Suddenly, a wave of traffic that seems to be almost all 18-wheelers descends upon me. The aero wash is frightening, and *whimper* I want off! Luckily, an exit for WA 224 appears, so I’m on it.

*Whew* I really wouldn’t have minded staying on I-82, since my original route through West Richland passes through your basic beige big-box suburban sprawl.

And I had to be back on a freeway in a few miles anyway, since you take I-182 to get to US 395. About 14 miles worth, in fact. Traffic, thankfully, is still light.

There’s the merge! And a new reality check. I thought 395 would be a main drag like Aurora Avenue or McLoughlin Boulevard. Nope. It’s a freeway.

The GTS needs gas, so I pull into a truck stop. I ask a guy driving a BNSF Ford Expedition how far it is to Ritzville. “An hour, hour and fifteen minutes tops,” he says. That sounds like 70 miles. Errr.

Well, there’s no other way to get where I’m going, so this is one of those times where I’ve just got to suck it up and do it.

I discover a new worst aero-wash source: car transporters. One blows by, which is bad, and pulls back to the right (as it should). The multiple vortexes from the vehicles being carried (including a Chevy Express with a ladder rack) pummel from all sides, jerking me to the right on a trajectory that leads to a big chunk of exploded truck tire that’s sitting on the painted stripe that defines the shoulder.

Luckily, the wash abated, the GTS’ heading once again straight, just missing the two-foot piece of tire tread. Another reason I avoid riding on freeways. Hit something like this, you’re toast.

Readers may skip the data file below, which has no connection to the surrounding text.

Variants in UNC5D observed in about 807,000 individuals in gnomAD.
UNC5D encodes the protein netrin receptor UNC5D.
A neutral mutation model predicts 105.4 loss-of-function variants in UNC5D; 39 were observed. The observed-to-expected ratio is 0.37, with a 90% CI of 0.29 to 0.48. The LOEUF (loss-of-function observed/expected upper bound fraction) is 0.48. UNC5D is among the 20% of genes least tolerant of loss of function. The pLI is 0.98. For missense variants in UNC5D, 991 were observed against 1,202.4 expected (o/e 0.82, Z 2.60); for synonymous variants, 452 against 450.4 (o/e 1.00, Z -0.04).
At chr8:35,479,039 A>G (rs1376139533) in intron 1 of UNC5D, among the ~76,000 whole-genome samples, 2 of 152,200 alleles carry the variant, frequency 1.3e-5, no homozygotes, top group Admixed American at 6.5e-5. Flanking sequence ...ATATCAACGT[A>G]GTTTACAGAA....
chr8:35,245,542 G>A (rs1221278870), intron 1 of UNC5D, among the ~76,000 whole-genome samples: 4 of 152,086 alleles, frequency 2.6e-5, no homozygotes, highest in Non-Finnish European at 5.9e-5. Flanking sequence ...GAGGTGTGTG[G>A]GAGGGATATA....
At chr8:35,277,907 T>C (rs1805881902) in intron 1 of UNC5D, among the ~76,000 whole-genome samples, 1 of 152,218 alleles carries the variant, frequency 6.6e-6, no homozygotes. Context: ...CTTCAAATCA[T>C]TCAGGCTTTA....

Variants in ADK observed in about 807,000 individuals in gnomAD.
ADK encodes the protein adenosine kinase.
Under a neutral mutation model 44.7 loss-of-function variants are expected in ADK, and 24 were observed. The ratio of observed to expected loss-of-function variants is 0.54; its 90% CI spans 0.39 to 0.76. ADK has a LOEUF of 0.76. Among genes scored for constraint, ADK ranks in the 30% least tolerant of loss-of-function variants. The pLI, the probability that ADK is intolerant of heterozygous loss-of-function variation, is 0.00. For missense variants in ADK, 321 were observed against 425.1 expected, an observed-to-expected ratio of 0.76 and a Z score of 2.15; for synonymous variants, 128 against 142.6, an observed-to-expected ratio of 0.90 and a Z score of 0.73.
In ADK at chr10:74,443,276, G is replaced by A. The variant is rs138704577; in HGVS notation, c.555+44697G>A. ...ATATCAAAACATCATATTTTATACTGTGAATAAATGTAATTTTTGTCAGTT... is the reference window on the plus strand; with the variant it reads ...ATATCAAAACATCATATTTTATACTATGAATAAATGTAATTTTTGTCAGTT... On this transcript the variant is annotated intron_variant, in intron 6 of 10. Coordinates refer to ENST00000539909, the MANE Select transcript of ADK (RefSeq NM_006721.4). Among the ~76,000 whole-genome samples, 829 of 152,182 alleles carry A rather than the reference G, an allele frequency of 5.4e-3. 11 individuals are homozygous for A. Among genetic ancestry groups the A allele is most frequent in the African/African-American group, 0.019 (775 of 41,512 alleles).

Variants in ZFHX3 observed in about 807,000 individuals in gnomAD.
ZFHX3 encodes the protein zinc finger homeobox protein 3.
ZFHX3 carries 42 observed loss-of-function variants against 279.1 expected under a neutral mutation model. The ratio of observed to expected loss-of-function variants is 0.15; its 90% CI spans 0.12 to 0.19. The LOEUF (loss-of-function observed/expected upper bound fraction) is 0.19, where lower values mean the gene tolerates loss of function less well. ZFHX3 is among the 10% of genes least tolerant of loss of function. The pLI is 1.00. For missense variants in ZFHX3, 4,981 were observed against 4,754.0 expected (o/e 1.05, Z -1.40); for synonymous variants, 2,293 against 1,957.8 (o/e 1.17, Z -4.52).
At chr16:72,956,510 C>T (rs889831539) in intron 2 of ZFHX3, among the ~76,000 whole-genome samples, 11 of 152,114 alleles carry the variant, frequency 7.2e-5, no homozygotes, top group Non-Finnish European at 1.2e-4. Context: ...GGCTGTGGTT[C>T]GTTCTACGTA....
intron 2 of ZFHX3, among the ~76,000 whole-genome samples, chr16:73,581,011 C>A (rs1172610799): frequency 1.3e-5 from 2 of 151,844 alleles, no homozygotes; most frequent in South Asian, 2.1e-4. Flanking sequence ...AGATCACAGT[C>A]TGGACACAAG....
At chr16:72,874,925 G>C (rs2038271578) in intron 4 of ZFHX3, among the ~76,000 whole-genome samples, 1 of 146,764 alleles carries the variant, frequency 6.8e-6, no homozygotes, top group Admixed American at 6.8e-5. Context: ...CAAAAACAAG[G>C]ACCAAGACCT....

Luckily, there are exits where I can pull off to catch my breath. And signs to provide the little psychological lifts. Spokane 100, Ritzville 40. Ritzville 30. Ritzville 13! Yeah!

Counting the mile markers as I go, I’m psychologically jumping up and down when “Ritzville, Next 2 Exits” appears. I made it! I’m alive!

Jake's Restaurant, Ritzville, Wash.

In town, there’s a diner called Jake’s. They advertise home-made pie. And I’m guessing their air conditioning is cranked. Time for a break.

  1. September 13, 2009 11:10 am

    I do the trip through Spokane and up into Northen Idaho once a year. Between Richland and Ritzville is a straight and boring stretch. Be thankful for the wind gusts to break up the monotony!

    Seriously, I’m going to have to try it on a scooter at some point. It’s got to be a whole different experience than on a big sport tourer.

  2. September 15, 2009 1:12 pm

    Irondad, make sure you do your scooter trip on a scooter with a similar configuration to a big Vespa. A maxi (Burgman, Silver Wing) is longer, heavier and has a lower center of gravity. I imagine one of those would react differently.

    Our friend Chuck said Mother Nature was throwing everything she had at him in Canada and Montana, but his MP3 was totally unfazed by it. The extra front wheel makes a difference, for sure…

  3. September 15, 2009 8:04 pm


    Once when I was on 205 in Vancouver on my GTS there was a semi behind me, one in front of me, and one on the side. The turbulence made it seem like the front wheel came off the pavement and for a brief moment the steering was gone. When I told this to a motorcycle riding friend he said I probably did get a brief air lift. My plan B was to bail onto the shoulder but fortunately I didn’t have to do that.

    Ride safe.